Utah peace officers in the past five years were involved in 3,000 traffic accidents, and the state's police academy is implementing a program to prevent officers and citizens from getting killed or injured.

The most recent Legislature put aside $1.5 million, from a surplus in the victim- reparation fund, to pay for a track to teach officers how to handle their vehicles and themselves in driving situations."It's not something that POST wants. It's something that the whole law enforcement community wants and needs," said Clyde Palmer, director of the Utah Peace Officers Standards and Training academy.

A collision in December that killed three Los Angeles County deputy sheriffs responding to a call for help from a fellow officer highlighted Utah's need to establish a driver training facility for officers.

A survey of police chiefs and sheriffs showed 48 percent thought specialized driver training was the top priority for law enforcement, Palmer said. The remainder ranked it as needed for officers.

Utah is one of the few states without a facility for training officers in heavy traffic and pursuit situations, Palmer said Monday.

Cadets were allowed to use the Bonneville Raceway in western Salt Lake County to learn to drive, Palmer said. But the different weights and designs of police vehicles were tearing up the track, and raceway officials withdrew their offer to POST for free use of the area.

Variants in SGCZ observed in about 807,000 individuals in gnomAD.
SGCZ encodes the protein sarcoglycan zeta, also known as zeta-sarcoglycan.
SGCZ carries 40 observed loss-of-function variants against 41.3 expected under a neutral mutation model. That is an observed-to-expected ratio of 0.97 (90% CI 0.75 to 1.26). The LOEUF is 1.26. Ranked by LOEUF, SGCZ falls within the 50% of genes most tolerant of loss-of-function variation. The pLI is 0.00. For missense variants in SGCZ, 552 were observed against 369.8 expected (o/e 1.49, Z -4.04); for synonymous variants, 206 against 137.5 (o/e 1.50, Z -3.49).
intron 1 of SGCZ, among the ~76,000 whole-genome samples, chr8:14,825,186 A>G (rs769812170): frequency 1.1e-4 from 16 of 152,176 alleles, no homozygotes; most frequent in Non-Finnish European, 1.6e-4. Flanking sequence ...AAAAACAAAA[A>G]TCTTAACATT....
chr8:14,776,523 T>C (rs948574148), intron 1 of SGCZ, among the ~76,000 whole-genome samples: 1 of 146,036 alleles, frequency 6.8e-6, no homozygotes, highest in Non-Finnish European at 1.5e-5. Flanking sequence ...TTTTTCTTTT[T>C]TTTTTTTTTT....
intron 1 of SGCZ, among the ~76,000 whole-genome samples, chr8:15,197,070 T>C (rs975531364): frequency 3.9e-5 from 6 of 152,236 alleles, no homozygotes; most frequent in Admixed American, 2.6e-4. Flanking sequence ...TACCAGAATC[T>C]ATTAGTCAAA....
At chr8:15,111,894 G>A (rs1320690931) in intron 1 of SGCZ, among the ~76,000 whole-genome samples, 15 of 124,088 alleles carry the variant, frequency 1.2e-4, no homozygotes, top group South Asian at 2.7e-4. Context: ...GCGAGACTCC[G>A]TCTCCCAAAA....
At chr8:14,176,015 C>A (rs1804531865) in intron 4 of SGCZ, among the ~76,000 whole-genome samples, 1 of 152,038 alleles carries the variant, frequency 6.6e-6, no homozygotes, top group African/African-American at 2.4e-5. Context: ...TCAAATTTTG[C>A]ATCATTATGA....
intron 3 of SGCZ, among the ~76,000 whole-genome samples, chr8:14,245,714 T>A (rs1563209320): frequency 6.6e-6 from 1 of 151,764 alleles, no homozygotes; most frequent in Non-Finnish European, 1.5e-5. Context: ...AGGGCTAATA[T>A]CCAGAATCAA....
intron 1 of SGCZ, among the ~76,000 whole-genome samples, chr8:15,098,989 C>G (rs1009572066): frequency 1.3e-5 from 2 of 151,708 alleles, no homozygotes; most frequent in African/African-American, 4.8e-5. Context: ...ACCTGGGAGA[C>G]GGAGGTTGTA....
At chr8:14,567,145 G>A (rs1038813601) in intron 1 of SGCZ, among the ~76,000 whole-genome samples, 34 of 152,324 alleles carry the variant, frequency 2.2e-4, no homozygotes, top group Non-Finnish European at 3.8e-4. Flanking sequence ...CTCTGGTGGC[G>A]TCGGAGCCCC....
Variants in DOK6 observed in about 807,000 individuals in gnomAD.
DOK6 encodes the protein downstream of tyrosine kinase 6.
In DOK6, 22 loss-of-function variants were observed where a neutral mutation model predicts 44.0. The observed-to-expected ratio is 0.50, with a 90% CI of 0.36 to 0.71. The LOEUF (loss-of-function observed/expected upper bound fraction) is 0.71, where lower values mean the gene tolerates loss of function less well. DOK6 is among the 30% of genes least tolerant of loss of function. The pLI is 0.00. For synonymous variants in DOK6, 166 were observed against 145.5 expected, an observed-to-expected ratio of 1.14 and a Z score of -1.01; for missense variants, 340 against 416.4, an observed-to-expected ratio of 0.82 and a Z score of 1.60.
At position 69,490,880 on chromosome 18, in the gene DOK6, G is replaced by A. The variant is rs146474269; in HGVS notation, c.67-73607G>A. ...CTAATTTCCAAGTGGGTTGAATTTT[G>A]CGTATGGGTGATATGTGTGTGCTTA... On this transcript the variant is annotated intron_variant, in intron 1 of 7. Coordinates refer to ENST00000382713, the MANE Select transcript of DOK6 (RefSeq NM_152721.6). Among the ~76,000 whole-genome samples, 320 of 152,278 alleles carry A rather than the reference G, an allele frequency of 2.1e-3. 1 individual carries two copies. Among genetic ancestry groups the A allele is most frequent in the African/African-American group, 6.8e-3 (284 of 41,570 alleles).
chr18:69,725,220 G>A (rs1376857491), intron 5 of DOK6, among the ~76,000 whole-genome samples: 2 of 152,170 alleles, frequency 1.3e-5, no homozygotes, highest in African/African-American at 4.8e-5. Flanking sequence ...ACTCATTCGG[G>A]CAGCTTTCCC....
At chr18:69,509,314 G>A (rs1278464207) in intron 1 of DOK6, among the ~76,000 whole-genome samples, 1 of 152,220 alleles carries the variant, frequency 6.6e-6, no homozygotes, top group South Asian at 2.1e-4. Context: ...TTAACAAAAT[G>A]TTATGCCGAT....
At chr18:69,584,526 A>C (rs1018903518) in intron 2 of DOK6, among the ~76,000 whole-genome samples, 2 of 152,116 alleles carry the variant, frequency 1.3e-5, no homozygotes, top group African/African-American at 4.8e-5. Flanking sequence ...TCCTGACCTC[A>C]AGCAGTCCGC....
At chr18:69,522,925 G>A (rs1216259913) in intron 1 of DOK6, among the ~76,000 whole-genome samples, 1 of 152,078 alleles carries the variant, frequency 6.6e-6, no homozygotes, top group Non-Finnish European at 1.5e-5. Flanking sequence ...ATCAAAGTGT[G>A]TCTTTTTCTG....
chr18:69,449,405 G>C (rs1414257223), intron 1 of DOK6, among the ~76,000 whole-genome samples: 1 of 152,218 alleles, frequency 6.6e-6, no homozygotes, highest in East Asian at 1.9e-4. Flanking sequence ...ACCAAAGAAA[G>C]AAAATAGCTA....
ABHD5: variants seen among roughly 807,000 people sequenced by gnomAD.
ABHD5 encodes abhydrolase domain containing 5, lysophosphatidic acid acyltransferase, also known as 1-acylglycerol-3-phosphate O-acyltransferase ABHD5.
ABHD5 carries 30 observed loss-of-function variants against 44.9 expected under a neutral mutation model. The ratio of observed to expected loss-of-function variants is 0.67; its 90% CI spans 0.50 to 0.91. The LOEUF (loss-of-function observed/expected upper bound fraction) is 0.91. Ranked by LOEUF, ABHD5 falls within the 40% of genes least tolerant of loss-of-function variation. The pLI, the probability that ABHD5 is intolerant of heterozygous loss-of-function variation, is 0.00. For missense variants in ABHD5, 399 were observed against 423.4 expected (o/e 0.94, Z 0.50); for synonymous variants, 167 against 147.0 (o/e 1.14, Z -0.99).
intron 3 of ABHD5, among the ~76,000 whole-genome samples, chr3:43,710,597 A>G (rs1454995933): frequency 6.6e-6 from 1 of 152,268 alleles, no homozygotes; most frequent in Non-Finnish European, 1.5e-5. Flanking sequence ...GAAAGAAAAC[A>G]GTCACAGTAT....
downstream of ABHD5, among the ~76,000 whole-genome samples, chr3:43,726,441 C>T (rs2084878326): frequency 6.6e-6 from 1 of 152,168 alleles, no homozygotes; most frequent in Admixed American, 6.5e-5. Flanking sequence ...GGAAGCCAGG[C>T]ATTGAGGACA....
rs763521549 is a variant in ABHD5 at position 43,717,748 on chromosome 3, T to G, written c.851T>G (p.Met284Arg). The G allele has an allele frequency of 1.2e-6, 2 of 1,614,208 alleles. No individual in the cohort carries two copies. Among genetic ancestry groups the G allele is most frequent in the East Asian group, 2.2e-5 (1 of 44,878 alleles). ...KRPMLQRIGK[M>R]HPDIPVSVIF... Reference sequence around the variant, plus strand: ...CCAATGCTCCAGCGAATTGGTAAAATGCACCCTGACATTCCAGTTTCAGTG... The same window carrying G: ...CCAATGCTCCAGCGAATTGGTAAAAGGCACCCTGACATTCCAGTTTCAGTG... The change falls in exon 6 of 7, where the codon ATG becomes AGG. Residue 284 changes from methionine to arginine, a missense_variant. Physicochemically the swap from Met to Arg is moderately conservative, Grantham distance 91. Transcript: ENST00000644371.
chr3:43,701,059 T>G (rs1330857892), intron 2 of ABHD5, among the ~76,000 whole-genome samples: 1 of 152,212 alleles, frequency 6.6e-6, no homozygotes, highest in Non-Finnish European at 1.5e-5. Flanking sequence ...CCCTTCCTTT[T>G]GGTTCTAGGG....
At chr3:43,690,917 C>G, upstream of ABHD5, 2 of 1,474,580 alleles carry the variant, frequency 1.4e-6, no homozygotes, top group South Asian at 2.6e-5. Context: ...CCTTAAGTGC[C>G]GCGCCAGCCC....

The Salt Lake Airport Authority has allowed POST free run of an abandoned strip of North Temple, but Palmer said the stretch is straight and small.

With money provided by the Legislature for site-selection studies, POST is examining land at Camp Williams and the airport as possible locations. The track would be built to specifications to simulate high-speed and obstacle driving.

"We're not talking about letting police out there and driving hundreds of miles an hour," said Palmer, adding, "High-speed chases aren't usually high speed.

"What we're looking at as much as anything is to demonstrate to the officer the dynamics of the car and what it will or will not do at high speeds," said Palmer.

"What we're trying to teach them is the object is not to catch that person but to stay with the person until he does something to stop the chase" - such as crashing or running out of gas.

But the track most likely won't be ready until 1991. POST must return to the Legislature next year with the results of the site-selection studies and to ask for the rest of the money to build the track.

Accident-prone?

- 3,000 accidents involving Utah officers were reported from 1983 to 1988.

- 380 people were injured, including 218 officers.

- Nine deaths were reported stemming from accidents involving officers. Two officers died.

- In Salt Lake City, nine officers were injured in 13 traffic accidents during 1987. Three people were injured in 27 pursuits, including one officer injury.

- In 1988, Salt Lake police were involved in 55 pursuits, resulting in 12 injuries and no officer injuries. In 1989 to date, six pursuits, no injuries.